Book ReviewThe Girl in the Steel Corset

Reviewer's Rating: 
4
I truly enjoyed this book...and yet, it failed to rock my world because (see explanation in review).
Author: 
Category: 
Publisher: 
Harlequin Teen, 2011
Synopsis: 

BOOK ONE: STEAMPUNK CHRONICLES.  In 1897 England, sixteen-year-old Finley Jayne has no one except the "thing" inside her when a young lord tries to take advantage of her.  She fights back.  And wins.  But no normal Victorian girls has a darker side that makes her capable of knocking out a full-grown man with one punch.


Only Griffin King sees the magical darkness inside her that says she's special, says she's one of them.  The orphaned duke takes her in from the gaslit streets against the wishes of his band of misfits: Emily, who has her own special abilities and an unrequited love for Sam, who is part robot; and Jasper, an American cowboy with a shadowy secret.

Griffin's investigating a criminal called The Machinist, the mastermind behind several recent crimes by automatons.  Finley thinks she can help - and finally be a part of something, finally fit in.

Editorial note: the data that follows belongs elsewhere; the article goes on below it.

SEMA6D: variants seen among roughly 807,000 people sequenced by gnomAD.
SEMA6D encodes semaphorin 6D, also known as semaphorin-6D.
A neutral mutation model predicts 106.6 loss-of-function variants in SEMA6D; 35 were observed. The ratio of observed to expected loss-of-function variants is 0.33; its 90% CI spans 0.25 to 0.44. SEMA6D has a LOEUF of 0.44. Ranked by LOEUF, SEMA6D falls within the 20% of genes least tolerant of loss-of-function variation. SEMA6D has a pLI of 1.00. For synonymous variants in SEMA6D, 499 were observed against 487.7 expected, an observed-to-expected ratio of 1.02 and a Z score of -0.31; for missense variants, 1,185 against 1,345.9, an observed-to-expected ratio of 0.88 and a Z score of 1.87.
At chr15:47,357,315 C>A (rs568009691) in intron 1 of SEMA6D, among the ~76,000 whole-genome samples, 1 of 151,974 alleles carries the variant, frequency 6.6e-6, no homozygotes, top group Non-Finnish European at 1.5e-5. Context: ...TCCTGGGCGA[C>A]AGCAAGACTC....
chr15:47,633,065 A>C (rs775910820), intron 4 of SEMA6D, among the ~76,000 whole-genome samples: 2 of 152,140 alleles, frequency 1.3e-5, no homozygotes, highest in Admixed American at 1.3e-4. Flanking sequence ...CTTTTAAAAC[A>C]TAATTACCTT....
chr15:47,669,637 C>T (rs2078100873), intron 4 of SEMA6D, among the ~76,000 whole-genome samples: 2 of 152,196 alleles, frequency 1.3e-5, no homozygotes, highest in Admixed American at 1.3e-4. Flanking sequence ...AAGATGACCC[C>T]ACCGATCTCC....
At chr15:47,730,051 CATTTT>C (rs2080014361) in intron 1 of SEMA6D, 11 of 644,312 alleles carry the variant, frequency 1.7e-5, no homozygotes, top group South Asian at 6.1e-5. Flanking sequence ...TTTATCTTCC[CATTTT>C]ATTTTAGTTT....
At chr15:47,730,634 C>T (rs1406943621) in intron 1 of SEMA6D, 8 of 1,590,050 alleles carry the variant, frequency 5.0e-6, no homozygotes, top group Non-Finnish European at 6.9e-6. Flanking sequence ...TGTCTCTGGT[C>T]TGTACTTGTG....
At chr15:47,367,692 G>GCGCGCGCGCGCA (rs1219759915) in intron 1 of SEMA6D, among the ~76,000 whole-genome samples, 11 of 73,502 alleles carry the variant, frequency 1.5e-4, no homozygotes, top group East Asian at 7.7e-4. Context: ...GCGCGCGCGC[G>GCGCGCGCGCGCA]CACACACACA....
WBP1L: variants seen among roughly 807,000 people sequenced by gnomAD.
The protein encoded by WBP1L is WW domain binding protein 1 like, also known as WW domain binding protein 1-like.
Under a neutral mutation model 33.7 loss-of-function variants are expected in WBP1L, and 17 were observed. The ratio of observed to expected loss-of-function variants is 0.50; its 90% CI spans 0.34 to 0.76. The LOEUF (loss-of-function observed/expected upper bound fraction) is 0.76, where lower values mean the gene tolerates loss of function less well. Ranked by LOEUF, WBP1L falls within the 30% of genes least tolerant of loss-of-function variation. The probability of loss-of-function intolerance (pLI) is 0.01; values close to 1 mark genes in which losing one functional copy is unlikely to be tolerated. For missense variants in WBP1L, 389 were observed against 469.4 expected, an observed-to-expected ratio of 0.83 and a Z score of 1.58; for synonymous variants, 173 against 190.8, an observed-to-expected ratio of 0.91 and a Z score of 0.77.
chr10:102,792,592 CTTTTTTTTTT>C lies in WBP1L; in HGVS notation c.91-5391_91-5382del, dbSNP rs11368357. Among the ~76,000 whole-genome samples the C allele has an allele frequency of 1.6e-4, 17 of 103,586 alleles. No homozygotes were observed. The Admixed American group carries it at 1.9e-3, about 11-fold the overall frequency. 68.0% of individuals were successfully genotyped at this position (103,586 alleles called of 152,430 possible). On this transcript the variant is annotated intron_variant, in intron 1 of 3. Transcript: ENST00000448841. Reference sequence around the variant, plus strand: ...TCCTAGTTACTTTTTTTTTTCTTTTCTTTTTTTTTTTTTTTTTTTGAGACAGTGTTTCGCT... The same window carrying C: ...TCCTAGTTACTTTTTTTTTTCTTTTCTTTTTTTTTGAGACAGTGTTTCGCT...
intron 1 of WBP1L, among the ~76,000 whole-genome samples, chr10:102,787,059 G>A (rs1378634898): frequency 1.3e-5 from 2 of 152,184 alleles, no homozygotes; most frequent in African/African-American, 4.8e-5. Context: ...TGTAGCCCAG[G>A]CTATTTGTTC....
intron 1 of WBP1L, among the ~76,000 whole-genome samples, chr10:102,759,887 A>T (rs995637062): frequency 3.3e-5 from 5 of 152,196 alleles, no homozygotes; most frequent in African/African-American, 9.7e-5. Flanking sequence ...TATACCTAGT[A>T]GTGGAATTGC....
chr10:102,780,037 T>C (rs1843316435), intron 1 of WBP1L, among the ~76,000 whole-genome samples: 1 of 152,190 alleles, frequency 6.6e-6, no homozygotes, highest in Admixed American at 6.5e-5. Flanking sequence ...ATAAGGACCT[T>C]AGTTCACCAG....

But The Machinist wants to tear Griffin's little company of strays apart, and it isn't long before trust is tested on all sides.  At least Finley knows whose side she's on - even if it seems no one believes her.


In between your favorite authors it is always in your best interest to have some standby solid contenders.  Kady Cross's Steampunk Chronicles are on my standby shelf.  

This book has a nice mix of common elements to the Steampunk standard - historical setting, creative mechanical devices (with some human/mechanical mixings), a dastardly dude set to take down the British monarchy, and some kick-butt kids.  In addition to this we have a nice sideline colour of special talents in our characters as well as a substance called Organites which mimic the life/cell structure they are glomed onto.  Top points for a fun, creative mix.
And don't let me miss saying how totally awesome the cover is!  Steampunk is a fast-growing market and this book is a strong but gentle way  of introducing new readers to this style.  
The flaws in this book for me rested in two areas: lack of intensity overall and how quickly Griffin was able to help Finley with her two 'sides'.  I felt it should have been a much more difficult (and interesting) melding.

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